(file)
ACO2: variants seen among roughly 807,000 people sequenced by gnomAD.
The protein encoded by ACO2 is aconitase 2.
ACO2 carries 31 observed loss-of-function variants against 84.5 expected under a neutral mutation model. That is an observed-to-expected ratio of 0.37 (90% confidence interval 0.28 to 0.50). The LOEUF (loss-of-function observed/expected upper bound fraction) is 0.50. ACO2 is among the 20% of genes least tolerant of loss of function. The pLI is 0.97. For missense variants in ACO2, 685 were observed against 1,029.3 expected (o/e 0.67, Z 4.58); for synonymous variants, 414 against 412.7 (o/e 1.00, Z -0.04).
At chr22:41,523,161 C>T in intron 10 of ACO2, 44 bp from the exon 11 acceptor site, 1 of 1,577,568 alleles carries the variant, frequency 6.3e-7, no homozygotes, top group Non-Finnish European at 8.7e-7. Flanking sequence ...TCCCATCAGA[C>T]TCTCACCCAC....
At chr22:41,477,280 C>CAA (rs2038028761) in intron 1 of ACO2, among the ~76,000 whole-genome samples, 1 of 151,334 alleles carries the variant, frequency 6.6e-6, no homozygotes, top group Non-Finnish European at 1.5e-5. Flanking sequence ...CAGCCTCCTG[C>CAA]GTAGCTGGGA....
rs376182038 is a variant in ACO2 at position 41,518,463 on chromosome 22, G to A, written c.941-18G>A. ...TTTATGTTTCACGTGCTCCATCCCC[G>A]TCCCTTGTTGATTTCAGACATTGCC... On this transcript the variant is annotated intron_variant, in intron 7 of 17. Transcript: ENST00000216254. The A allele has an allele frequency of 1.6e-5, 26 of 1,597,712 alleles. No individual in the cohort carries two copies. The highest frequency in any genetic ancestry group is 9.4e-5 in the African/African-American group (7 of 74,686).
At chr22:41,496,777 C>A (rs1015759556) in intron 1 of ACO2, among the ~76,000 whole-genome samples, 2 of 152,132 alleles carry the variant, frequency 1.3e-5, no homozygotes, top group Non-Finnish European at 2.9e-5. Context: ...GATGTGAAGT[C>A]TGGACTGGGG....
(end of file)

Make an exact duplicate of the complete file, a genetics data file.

ACO2: variants seen among roughly 807,000 people sequenced by gnomAD.
The protein encoded by ACO2 is aconitase 2.
ACO2 carries 31 observed loss-of-function variants against 84.5 expected under a neutral mutation model. That is an observed-to-expected ratio of 0.37 (90% confidence interval 0.28 to 0.50). The LOEUF (loss-of-function observed/expected upper bound fraction) is 0.50. ACO2 is among the 20% of genes least tolerant of loss of function. The pLI is 0.97. For missense variants in ACO2, 685 were observed against 1,029.3 expected (o/e 0.67, Z 4.58); for synonymous variants, 414 against 412.7 (o/e 1.00, Z -0.04).
At chr22:41,523,161 C>T in intron 10 of ACO2, 44 bp from the exon 11 acceptor site, 1 of 1,577,568 alleles carries the variant, frequency 6.3e-7, no homozygotes, top group Non-Finnish European at 8.7e-7. Flanking sequence ...TCCCATCAGA[C>T]TCTCACCCAC....
At chr22:41,477,280 C>CAA (rs2038028761) in intron 1 of ACO2, among the ~76,000 whole-genome samples, 1 of 151,334 alleles carries the variant, frequency 6.6e-6, no homozygotes, top group Non-Finnish European at 1.5e-5. Flanking sequence ...CAGCCTCCTG[C>CAA]GTAGCTGGGA....
rs376182038 is a variant in ACO2 at position 41,518,463 on chromosome 22, G to A, written c.941-18G>A. ...TTTATGTTTCACGTGCTCCATCCCC[G>A]TCCCTTGTTGATTTCAGACATTGCC... On this transcript the variant is annotated intron_variant, in intron 7 of 17. Transcript: ENST00000216254. The A allele has an allele frequency of 1.6e-5, 26 of 1,597,712 alleles. No individual in the cohort carries two copies. The highest frequency in any genetic ancestry group is 9.4e-5 in the African/African-American group (7 of 74,686).
At chr22:41,496,777 C>A (rs1015759556) in intron 1 of ACO2, among the ~76,000 whole-genome samples, 2 of 152,132 alleles carry the variant, frequency 1.3e-5, no homozygotes, top group Non-Finnish European at 2.9e-5. Context: ...GATGTGAAGT[C>A]TGGACTGGGG....